(Part II next week)

Masterpieces in stone

Vandami cetiyam sabbam
Sabba thanesu patitthitam
Saririka dhatu-Maha bodhim
Buddha-rupam sakalam-sada
I salute every cetiya (shrine)
That may stand in any place
The bodily relics, the Great Bodhi
And all images of the Buddha.
Buddhists recite this stanza in salutation to the three main objects of veneration - the cetiya or stupa, the bodhi tree and the image of the Buddha - found in any Buddhist temple throughout the world.

The stupa is a beautiful piece of architecture where the Buddha's relics, images and other valuable objects are enshrined and people venerate and pay homage. The stupa is also known as dagaba, chetiya or vehera.

In the temple premises, the stupa is generally located at a higher elevation. Stupas have been built from early days. The emperor Asoka built several stupas at hallowed sites in India. In Sri Lanka, although there are legends about stupas said to have been built during the lifetime of the Buddha, the earliest recorded is the Thuparama dagaba built by King Devanampiya Tissa (250-210 BC). When originally built, it was in the form of a heap of paddy. After several restorations, the Thuparama dagaba has a diameter of 59 feet at the base.

Stupas take several shapes. At least six types are on record - Bell (ghantakara), Pot (ghatakara), Bubble (bubulakara), heap of paddy (dhanyakara), lotus (padmakara) and myrobalam fruit (amalakara).

At the entrance to a Buddhist shrine room or a stupa are masterpieces of Sinhala craftsmanship created by stonemasons showing a high degree of competence in sculpture. These are the guardstones, the flight of steps and the moonstone.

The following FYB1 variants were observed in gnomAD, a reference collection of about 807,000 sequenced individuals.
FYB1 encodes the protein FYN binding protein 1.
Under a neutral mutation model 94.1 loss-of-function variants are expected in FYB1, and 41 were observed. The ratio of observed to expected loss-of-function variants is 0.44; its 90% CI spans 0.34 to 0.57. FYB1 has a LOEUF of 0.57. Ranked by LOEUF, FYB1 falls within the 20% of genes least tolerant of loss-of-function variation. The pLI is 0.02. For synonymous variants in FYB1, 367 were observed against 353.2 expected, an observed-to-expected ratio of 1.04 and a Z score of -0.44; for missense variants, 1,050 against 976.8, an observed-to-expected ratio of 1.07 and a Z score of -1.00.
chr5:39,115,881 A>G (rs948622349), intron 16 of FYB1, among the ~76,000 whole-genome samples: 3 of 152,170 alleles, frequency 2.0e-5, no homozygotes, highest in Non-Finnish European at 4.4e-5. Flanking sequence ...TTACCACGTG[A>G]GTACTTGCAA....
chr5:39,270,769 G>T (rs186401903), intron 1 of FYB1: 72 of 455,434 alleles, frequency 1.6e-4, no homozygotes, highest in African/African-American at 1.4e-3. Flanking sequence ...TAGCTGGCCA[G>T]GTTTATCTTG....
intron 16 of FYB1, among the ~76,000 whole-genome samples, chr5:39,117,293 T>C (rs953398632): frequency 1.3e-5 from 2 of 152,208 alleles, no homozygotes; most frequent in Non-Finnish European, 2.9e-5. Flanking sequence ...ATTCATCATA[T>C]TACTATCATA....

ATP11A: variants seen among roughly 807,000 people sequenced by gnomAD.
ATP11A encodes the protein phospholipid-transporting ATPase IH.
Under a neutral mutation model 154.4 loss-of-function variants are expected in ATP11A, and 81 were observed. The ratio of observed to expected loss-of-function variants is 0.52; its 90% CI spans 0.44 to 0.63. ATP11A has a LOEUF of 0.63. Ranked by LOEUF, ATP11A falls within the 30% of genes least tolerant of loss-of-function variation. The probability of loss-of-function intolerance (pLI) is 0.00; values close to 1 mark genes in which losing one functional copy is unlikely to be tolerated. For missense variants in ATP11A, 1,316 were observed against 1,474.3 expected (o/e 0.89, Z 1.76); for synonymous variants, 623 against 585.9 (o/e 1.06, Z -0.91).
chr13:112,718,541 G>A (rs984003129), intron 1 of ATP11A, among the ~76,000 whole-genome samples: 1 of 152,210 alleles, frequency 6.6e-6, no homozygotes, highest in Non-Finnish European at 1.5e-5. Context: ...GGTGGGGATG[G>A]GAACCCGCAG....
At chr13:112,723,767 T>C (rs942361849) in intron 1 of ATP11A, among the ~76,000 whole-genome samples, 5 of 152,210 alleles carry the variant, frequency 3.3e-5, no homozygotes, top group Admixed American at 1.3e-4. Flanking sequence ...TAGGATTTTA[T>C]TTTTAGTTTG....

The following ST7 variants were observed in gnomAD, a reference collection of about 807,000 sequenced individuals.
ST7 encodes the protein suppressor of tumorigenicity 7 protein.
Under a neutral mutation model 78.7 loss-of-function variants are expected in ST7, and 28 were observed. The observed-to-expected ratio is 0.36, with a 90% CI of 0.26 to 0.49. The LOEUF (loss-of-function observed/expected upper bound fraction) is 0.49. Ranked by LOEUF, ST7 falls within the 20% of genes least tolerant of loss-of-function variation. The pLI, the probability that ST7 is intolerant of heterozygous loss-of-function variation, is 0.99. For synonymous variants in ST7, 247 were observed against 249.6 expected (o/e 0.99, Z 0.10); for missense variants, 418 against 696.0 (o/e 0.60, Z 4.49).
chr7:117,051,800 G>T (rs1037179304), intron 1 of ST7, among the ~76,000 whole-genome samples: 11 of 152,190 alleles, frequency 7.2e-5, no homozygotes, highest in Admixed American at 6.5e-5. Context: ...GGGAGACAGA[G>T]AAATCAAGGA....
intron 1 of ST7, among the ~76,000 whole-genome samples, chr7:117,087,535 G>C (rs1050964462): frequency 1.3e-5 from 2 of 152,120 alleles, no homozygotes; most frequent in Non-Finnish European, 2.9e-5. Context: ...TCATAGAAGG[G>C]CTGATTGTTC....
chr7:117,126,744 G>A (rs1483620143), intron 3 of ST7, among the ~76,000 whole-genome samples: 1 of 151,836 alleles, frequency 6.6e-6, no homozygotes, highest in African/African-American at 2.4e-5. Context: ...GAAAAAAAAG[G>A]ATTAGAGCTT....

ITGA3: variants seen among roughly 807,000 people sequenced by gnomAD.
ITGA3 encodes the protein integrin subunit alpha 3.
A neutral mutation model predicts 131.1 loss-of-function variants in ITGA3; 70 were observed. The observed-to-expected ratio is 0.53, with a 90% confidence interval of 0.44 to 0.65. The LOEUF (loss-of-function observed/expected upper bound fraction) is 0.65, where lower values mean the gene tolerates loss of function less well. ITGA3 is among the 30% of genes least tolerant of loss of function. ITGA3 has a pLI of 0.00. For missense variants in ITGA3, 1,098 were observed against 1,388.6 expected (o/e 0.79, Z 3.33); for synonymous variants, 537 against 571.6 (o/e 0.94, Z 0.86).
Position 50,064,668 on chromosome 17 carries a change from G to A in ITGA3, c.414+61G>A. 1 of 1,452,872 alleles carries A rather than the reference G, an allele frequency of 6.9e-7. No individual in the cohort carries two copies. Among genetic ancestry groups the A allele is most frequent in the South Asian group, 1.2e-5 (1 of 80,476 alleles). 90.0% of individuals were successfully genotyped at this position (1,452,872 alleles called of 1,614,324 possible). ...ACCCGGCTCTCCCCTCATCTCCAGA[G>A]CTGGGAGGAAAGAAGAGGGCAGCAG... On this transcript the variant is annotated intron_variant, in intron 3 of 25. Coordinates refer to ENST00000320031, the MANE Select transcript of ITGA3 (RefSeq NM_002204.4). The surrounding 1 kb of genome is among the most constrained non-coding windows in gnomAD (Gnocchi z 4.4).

The moonstone (sandakada pahana) is a semi-circular slab of stone at the foot of a flight of steps. During the first stages of sculpting a moonstone, only a plain slab of stone was used. It had a lotus flower in the centre. The decorative features are a later development.

The guardstones (mura gal) on either side at the bottom of the flight of steps are joined by a set of decorative balustrades (korawak gal). At the early stages, these may have been used as pegs and did not have any sculptural work. It is possible that in the early stages a full vase may have been kept in front of each guardstone and later sculptured onto it. A full vase symbolizes prosperity and abundance. Later the figure of a naga (cobra) came into it. The nagas are considered guardians of water, celestial as well as terrestrial. They are represented both in animal and human forms. When in human form, three, seven or nine hoods are sculptured.